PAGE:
CVN screenshot of defense attorney Richard Carroll delivering his closing argument
Riverside, CA - A California state court jury returned a defense verdict on Thursday for a hospital accused of using knockoff versions of spinal surgical implants, in the first case out of hundreds to go to trial.
The jury returned their verdict two days after hearing closing arguments in a trial that began in Riverside County Superior Court on October 12, and the full trial was recorded gavel-to-gavel by Courtroom View Network.
Plaintiff Derika Moses accused Riverside Community Hospital of “gross negligence” in allowing doctors to use supposedly imitation metal screws in her spinal fusion surgery, but attorneys for the hospital successfully argued the FDA never determined the screws were counterfeit, and that Moses fully consented to the procedure.
The trial was closely tracked by both plaintiff and defense attorneys due to being the first civil case to go before a jury among the many lawsuits initially paused in the wake of a sprawling federal criminal investigation of the alleged use of counterfeit spinal implants in a number of California hospitals.
Subscribers to CVN's online trial video library get unlimited on-demand access to the full trial, including all witness testimony, along with hundreds of other trials from throughout the United States featuring top plaintiff and defense attorneys. (Check out 10 of the top plaintiff and defense medical malpractice trials in CVN's video library).
Attorneys for Moses argued she had “counterfeit hardware” implanted in her spine following an on-the-job injury, and that administrators at Riverside Community Hospital knew doctors were using supposedly non-FDA approved devices in violation of hospital policies.
Moses’ attorneys told jurors the provider of the spinal screws in question, Spinal Solutions LLC, was cut off by their supplier U&I Corporation following a legal dispute. Fraysse told the jury Spinal Solutions responded by obtaining screws from a small private manufacturer who allegedly fraudulently labeled the devices with fake U&I branding, characterizing the screws a “crude copies of a genuine product.”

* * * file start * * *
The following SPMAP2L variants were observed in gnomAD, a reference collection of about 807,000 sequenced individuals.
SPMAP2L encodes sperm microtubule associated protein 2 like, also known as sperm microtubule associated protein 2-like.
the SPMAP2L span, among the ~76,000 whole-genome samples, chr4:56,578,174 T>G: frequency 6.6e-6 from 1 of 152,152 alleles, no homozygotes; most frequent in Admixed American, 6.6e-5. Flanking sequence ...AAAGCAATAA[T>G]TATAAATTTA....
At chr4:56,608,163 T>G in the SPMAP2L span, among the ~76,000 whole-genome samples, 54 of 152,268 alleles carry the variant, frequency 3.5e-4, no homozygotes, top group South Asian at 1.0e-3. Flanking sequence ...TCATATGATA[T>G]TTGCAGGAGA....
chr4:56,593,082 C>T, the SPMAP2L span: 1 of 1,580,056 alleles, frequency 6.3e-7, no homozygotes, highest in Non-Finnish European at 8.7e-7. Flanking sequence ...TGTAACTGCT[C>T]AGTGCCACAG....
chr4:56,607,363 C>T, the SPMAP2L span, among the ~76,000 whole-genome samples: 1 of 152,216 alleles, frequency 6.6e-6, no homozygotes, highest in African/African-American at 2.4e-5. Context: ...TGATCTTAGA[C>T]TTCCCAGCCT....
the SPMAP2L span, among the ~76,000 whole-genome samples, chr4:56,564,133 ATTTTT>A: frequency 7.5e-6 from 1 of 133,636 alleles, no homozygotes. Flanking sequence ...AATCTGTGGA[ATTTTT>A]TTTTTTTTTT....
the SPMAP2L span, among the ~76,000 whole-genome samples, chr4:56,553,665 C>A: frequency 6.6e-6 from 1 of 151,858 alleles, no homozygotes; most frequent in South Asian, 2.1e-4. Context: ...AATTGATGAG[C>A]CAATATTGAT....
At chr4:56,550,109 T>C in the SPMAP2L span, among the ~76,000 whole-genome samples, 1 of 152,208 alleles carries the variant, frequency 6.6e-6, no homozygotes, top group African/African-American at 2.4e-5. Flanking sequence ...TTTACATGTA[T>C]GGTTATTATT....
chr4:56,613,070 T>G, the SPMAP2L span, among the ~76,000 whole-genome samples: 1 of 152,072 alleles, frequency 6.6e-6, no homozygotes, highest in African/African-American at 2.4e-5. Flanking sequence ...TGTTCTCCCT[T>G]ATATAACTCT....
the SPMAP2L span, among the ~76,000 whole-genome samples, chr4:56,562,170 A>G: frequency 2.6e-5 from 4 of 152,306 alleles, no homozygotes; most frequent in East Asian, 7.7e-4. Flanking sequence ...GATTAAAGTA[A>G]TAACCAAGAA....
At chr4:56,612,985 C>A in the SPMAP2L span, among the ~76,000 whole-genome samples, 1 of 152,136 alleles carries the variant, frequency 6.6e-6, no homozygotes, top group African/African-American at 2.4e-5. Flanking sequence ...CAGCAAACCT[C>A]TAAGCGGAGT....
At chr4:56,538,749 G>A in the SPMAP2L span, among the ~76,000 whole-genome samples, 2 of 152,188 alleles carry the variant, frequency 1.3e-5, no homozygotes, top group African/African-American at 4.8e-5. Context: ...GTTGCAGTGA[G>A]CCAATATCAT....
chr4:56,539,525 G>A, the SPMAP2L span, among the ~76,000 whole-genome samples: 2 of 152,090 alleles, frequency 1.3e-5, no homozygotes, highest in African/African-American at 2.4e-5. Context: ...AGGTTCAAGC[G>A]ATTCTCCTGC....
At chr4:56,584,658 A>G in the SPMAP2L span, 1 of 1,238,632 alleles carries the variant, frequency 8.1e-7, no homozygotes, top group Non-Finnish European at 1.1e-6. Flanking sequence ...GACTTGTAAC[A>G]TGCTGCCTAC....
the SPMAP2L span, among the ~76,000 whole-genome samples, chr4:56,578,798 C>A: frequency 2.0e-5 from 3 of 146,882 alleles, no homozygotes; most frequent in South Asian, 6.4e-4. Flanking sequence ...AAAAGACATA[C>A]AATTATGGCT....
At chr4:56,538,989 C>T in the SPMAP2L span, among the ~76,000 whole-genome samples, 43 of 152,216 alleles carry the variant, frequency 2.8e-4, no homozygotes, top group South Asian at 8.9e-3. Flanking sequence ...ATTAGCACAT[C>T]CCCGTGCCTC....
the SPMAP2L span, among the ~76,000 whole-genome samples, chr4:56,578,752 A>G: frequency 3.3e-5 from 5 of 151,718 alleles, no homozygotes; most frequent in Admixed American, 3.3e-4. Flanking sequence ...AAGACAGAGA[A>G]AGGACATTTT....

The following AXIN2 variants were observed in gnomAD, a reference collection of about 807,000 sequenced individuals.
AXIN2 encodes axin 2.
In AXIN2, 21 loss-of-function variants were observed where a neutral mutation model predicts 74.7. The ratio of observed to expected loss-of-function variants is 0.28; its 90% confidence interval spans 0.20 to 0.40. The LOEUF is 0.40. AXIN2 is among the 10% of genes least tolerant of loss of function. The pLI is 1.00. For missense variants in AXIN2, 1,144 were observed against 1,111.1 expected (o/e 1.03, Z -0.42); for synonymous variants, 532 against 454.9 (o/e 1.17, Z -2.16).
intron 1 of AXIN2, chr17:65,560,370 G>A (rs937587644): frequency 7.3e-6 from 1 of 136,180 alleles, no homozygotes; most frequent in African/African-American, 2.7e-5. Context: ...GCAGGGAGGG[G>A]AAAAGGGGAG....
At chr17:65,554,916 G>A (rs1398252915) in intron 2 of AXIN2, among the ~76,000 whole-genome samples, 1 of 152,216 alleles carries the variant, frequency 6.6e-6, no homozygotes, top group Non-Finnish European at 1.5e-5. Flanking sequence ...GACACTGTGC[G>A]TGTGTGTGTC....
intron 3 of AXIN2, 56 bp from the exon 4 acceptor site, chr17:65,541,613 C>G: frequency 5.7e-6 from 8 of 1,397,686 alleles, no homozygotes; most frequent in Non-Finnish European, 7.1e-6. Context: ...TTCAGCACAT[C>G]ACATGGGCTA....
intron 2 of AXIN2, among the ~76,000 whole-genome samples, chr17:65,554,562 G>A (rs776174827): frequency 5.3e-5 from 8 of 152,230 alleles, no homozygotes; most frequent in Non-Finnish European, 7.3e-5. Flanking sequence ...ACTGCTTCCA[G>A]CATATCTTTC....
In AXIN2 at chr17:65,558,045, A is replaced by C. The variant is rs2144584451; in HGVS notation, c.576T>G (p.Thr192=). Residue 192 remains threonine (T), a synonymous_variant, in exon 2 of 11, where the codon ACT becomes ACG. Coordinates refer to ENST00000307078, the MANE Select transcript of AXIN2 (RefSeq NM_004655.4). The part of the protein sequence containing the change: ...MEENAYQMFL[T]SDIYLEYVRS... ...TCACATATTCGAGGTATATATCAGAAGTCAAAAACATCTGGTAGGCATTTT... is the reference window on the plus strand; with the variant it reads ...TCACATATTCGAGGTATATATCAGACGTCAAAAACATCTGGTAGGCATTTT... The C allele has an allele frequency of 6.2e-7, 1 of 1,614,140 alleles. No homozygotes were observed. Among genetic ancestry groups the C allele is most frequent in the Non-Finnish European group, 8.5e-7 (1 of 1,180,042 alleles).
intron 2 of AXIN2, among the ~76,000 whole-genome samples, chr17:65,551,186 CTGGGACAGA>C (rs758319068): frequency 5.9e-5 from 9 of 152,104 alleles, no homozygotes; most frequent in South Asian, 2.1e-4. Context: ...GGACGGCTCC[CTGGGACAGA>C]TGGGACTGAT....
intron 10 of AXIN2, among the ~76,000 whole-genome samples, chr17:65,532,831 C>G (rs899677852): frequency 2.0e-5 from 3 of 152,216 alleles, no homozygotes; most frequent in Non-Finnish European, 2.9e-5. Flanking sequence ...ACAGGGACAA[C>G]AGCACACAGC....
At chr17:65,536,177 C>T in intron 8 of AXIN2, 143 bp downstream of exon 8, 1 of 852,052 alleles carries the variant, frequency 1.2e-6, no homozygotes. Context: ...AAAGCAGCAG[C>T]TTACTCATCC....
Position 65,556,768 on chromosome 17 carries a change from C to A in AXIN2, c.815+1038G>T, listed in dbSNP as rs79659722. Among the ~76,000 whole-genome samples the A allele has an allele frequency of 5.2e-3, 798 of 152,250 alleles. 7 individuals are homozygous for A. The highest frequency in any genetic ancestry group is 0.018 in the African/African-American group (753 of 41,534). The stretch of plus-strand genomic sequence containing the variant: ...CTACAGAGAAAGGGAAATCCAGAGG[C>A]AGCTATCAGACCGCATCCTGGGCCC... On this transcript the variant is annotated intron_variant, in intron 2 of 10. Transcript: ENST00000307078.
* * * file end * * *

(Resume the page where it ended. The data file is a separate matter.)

Moses had to have the implants removed five years after her initial surgery and claimed to be totally disabled due to chronic pain requiring a cocktail of potent medications. Her attorneys sought over $2 million in damages.
Riverside Community Hospital’s attorney Richard Carroll of Carroll Kelly Trotter & Franzen maintained throughout the trial that the hospital should not be held responsible for the actions of surgeons he characterized as independent contractors.
During his closing argument Carroll argued forcefully that the hospital did its due diligence in obtaining Moses’ fully informed consent for the surgery. He repeatedly took issue with the claim the screws in question were not approved by the FDA, suggesting that “off label” use for drugs and medical devices is both a common and legally acceptable practice.
He also pushed back against claims the hospital failed to perform an investigation into the alleged use of counterfeit materials, arguing that the hospital properly relied on an outside investigation by the FDA that Carroll said did not raise any red flags that could serve as the basis for halting operations like the one Moses underwent.
The trial took place before Judge Harold Hopp.
Moses was represented by Knox Ricksen LLP.
The recently concluded trial is captioned Derika Moses v. Healthsmart Pacific Inc., case number CVSW1400002 in Riverside County Superior Court.